Edward Kennedy Ellington was born on this day in 1899, in Washington D.C. Duke began piano lessons at age 7, but preferred baseball. He got his first job selling peanuts at Washington Senators games. He was 28 when he played his first gig at the Cotton Club in Harlem. The engagement lasted three years.
But it wasn't until 1938 that he met his muse and collaborator Billy Strayhorn. Ellington was 39, Strayhorn 17. Ellington called him "my right arm, my left arm... the eyes in the back of my head." Together they wrote such classic numbers as Lotus Blossom, Chelsea Bridge, Satin Doll and the Ellington band's greatest hit, Take the A Train. Ellington appears six times in A Book of Ages.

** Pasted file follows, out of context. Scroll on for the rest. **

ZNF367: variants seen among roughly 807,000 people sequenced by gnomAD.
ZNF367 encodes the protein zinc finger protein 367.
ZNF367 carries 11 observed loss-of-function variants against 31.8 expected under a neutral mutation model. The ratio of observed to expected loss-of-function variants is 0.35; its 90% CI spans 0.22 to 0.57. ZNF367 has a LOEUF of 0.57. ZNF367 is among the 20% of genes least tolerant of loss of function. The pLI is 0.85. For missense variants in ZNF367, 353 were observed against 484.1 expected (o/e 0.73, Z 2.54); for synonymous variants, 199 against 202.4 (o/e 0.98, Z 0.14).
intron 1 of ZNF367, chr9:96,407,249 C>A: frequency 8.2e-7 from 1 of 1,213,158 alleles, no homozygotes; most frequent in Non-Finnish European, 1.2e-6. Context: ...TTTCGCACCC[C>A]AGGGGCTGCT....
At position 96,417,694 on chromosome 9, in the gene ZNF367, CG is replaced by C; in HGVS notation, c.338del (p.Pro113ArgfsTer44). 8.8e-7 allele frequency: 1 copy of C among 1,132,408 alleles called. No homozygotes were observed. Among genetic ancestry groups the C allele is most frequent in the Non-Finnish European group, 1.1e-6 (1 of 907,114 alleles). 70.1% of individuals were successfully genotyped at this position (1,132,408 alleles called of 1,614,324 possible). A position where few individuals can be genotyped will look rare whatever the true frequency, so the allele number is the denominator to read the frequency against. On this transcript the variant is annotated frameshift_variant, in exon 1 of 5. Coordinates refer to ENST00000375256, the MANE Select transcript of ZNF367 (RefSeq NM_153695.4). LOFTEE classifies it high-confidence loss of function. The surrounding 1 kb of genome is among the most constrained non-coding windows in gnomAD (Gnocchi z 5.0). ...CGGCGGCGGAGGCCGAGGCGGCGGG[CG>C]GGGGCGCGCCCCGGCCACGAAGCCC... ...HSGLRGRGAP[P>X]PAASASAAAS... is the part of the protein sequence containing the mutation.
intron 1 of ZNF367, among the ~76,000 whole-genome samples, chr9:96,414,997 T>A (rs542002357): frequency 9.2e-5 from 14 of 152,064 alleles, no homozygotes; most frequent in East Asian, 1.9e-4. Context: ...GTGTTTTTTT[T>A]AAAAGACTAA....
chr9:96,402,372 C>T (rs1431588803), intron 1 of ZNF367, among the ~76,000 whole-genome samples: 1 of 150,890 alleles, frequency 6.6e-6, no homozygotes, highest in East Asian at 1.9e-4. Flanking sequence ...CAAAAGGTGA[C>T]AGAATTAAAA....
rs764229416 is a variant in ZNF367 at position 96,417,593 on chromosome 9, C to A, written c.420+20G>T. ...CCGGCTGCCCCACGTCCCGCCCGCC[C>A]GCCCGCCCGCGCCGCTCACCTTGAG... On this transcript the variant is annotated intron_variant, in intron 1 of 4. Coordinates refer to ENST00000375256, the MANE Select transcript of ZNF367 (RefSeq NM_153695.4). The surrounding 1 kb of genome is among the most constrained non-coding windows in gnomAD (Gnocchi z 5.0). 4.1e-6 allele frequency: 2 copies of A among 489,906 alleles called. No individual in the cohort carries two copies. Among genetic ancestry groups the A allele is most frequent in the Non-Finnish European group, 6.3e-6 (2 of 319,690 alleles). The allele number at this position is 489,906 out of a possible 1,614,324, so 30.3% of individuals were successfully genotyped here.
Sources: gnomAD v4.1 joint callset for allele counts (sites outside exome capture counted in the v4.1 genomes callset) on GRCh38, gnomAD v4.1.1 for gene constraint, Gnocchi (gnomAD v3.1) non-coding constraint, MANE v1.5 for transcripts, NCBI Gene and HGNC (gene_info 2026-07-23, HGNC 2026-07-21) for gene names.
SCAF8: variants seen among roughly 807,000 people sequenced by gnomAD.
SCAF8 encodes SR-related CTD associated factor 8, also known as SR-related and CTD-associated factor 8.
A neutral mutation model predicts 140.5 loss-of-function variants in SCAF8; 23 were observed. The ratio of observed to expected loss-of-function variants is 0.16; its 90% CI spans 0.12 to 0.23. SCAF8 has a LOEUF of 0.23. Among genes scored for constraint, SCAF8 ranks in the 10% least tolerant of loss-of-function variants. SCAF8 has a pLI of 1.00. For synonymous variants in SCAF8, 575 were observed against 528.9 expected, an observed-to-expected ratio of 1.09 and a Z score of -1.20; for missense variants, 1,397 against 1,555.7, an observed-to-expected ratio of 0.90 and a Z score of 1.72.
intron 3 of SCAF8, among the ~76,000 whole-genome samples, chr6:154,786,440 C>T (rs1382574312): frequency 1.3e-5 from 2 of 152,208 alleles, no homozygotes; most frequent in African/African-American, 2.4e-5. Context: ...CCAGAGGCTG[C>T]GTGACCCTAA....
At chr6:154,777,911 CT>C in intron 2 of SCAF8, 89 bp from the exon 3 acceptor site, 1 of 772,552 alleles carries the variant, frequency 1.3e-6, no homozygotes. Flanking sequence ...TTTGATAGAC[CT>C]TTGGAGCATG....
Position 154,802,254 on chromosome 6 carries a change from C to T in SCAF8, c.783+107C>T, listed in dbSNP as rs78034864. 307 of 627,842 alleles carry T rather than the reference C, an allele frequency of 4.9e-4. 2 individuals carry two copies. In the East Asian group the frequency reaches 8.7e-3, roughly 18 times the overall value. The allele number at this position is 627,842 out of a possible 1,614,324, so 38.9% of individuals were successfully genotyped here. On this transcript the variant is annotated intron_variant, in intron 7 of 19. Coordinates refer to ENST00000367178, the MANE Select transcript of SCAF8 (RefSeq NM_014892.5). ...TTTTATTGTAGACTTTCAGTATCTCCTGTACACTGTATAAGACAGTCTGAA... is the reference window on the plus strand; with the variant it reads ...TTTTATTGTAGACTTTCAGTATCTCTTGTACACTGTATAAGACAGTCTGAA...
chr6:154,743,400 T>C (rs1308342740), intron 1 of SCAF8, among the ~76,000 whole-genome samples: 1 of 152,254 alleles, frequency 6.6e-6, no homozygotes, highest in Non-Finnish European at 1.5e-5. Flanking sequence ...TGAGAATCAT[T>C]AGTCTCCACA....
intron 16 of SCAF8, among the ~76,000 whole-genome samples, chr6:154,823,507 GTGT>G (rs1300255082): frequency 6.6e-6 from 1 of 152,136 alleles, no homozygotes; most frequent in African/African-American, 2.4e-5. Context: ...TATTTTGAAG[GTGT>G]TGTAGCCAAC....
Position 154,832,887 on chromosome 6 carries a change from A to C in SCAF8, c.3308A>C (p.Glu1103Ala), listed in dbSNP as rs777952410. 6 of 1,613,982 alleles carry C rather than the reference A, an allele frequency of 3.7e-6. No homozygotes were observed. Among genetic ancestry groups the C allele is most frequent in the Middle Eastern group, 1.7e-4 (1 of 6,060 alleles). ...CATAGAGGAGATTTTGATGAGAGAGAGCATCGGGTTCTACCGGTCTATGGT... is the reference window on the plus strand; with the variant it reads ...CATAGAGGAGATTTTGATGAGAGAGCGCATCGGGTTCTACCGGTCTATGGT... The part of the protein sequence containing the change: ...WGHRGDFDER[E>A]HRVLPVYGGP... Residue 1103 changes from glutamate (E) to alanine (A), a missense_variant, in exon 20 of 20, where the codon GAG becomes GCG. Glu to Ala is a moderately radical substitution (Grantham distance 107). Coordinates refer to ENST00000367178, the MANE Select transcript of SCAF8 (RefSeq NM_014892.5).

As interesting as the lives and incidents are the conversations that strike up between the characters in the book when they find themselves in the same chapter. We have Robert Frost, at age 41, publishing his poem The Road Not Taken, and in the next breath Duke Ellington, also 41, recording Take the A Train, the one artist answering the other. I chose these incidents because both the poem and the song were about choices people make. Choices and decisions are a theme in the book. The juxtaposition was serendipity. A lucky chance I didn't catch until I was sorting the entries in that chapter. These small jokes are here and there in the book, like the casual comment someone makes at a party that you didn't realize was funny at the time, and you laugh about it on the way home in the car.